Bitten (Monday, Jan. 13, Syfy), series debut: Welcome back to Gorgeous Supernatural Creatures Just Trying to Fit in Mondays, with returning series Lost Girl and Being Human, and new Syfy entry Bitten—for those keeping score, that’s a succubus, a vampire, a ghost and now three werewolves. Bitten stars Laura Vandervoort (Smallville) as a werewolf who’s split acrimoniously from her beardy-man pack to live the “normal” life of an urbanite—who has to strip down and wolf-out in the woods on occasion. Like Lost Girl and Being Human, Bitten looks like it was shot for $1,000 over the weekend in Vancouver, but it doesn’t achieve the deft humor/drama mix of either—so it piles on the sex scenes. Prediction: Hit.

Archer, Chozen (Monday, Jan. 13, FX), season premiere, series debut: As we—and they—learn in the first episode of Season 5, Sterling Archer (H. Jon Benjamin) and the International Secret Intelligence Service have been causing global havoc for years without the sanction of the U.S. government, thus setting up a season-long arc with the on-the-lam spy gang attempting to unload a ton of cocaine before Pam (Amber Nash) ingests it all, because, you know, Archer. Moving the show to Mondays seems like an equally suicidal mission, but at least FX finally has a semi-worthy animated companion in Chozen, the story of a gay white ex-con rapper on a mission; it’s from the minds behind Archer and Eastbound and Down. It’s half-baked, but Chozen is at least good enough to beat off the competition … phrasing.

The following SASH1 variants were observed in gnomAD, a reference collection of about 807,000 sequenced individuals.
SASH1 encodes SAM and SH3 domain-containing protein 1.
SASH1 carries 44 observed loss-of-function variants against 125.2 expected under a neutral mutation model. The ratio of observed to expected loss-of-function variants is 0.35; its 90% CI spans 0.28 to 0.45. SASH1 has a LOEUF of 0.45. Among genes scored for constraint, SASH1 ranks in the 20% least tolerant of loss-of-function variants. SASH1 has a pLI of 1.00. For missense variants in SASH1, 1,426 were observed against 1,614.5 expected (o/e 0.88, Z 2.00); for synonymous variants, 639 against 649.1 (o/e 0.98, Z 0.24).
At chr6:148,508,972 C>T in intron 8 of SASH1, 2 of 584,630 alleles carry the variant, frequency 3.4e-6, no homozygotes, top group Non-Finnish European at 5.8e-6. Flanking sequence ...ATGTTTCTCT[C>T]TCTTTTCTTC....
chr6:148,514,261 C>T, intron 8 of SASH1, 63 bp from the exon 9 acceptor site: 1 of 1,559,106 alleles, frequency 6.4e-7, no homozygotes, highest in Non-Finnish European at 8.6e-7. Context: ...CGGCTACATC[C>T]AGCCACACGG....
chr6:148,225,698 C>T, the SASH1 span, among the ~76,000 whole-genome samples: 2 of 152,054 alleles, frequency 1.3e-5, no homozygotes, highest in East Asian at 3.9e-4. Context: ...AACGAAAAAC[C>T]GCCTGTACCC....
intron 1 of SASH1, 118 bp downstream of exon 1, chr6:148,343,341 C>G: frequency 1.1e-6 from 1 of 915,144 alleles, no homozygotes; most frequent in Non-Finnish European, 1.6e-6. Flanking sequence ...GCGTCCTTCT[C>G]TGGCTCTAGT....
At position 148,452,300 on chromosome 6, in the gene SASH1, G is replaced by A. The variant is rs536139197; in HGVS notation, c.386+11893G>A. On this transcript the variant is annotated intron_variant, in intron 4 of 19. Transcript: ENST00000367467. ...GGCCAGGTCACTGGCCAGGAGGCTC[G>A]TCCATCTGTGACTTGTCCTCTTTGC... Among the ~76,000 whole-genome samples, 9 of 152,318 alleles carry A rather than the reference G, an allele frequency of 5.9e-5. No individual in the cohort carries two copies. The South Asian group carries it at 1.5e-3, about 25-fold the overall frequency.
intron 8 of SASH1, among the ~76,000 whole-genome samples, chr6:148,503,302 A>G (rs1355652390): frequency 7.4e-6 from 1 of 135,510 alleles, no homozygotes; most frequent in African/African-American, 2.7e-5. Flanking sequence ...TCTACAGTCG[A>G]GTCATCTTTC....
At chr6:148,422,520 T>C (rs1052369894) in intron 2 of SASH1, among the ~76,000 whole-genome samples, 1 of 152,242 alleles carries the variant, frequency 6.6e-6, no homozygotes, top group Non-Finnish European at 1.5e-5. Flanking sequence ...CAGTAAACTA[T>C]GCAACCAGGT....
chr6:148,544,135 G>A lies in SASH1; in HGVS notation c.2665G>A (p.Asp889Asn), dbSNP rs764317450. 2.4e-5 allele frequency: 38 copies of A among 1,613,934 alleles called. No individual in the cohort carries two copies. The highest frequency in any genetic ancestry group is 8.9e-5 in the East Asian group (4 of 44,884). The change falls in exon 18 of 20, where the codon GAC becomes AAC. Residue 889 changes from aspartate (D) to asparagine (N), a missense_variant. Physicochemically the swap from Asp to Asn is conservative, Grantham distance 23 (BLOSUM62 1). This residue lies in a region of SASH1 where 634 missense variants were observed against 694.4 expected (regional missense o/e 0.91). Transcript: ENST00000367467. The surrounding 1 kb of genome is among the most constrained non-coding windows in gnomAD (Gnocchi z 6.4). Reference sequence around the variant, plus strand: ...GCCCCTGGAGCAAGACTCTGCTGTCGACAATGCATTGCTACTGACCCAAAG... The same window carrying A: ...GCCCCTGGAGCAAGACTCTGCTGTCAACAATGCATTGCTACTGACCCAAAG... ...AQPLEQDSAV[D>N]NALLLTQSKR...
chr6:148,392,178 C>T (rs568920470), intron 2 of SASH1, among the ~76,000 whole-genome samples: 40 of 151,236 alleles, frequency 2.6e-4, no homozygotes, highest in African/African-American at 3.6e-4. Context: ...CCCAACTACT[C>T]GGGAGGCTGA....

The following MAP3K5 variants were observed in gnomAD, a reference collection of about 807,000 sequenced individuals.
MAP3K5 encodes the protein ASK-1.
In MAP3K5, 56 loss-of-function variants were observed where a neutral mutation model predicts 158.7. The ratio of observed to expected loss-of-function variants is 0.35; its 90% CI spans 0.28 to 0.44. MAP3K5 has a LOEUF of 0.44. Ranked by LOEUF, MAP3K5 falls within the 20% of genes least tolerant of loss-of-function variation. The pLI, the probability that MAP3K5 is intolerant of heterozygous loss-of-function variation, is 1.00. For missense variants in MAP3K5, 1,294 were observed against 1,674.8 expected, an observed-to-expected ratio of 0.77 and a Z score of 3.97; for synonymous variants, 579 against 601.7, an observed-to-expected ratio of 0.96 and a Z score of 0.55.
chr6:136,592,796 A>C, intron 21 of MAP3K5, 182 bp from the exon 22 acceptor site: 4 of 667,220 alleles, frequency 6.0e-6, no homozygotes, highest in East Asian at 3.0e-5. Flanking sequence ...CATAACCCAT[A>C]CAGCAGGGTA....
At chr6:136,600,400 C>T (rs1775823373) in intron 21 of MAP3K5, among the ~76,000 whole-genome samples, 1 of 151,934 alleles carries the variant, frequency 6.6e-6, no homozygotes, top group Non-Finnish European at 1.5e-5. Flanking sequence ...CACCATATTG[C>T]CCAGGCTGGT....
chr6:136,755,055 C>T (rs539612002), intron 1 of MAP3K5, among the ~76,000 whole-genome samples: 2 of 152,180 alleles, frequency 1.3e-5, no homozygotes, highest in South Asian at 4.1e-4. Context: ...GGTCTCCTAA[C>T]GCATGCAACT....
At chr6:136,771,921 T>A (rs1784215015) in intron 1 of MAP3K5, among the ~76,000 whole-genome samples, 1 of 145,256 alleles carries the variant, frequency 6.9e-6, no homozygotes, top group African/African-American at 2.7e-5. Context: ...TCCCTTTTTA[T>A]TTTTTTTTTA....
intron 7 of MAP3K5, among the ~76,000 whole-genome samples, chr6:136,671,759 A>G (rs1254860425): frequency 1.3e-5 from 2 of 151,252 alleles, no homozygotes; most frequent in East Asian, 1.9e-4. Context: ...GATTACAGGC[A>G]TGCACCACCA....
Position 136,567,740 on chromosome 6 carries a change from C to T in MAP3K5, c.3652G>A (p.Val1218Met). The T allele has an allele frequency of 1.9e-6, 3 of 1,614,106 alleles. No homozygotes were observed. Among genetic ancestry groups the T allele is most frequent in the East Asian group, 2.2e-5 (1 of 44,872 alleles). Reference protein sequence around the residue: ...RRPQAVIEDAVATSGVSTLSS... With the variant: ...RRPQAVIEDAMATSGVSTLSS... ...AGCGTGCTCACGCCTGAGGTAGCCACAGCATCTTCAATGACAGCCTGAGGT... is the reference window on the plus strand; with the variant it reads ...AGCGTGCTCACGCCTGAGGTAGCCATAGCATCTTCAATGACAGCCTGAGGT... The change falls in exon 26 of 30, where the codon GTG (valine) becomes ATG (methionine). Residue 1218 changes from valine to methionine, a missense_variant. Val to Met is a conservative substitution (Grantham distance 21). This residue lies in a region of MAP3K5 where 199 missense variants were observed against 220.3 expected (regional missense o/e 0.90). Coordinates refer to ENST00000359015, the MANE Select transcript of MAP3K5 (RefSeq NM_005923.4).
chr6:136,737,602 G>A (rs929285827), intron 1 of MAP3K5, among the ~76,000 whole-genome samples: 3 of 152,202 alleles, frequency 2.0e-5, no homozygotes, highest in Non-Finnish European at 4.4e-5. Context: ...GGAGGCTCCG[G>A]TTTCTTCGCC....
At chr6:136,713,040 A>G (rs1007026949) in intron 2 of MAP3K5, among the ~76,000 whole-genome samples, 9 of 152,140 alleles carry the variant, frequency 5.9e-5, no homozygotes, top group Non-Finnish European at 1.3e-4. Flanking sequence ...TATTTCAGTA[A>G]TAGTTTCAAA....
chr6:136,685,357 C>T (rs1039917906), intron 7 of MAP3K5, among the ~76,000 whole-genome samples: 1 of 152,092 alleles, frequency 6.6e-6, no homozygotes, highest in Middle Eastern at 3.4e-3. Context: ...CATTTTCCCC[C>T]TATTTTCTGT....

DVD ROUNDUP FOR JAN. 14!

Army of the Damned

Followed by reality-TV cameras, a police chief (Sully Erna—yes, the singer of Godsmack) and his men battle a small-town zombie outbreak. Also starring rassler Tommy Dreamer, porn star Jasmin St. Claire and … Joey Fatone?! (Screen Media)

Carrie

An outcast high-schooler (Chloë Grace Moretz) with telekinetic powers gets revenge-y at her prom, and the Liberal Media blames it on her religious mother (Julianne Moore). Based on a book, movie and first-person shooter. (MGM)

Riddick

In the third and final (?) installment of the series, Riddick (Vin Diesel) finally decides to get the hell off of the stupid desert planet (good call) and sends a signal to the mercenaries out to capture/kill him (bad call). Oh, and now he has a pet! (Universal)

You’re Next

A gang of ax-wielding killers take a rich family hostage in their home, and it’s up to a 98-pound houseguest (Sharni Vinson) to save everyone from the animal-masked assailants. Surprise! They all die. (Lionsgate)

More New DVD Releases (Jan. 14)

A.C.O.D., Big Sur, Enough Said, Fresh Meat, Fruitvale Station, Gasland Part II, Getting That Girl, How to Make Money Selling Drugs, Lee Daniels’ The Butler, Short Term 12, A Single Shot, The Spectacular Now, 20 Feet From Stardom, Voodoo Possession.

Published in TV

The Palm Springs International Film Festival kicked off over the weekend with some of the fest's biggest events.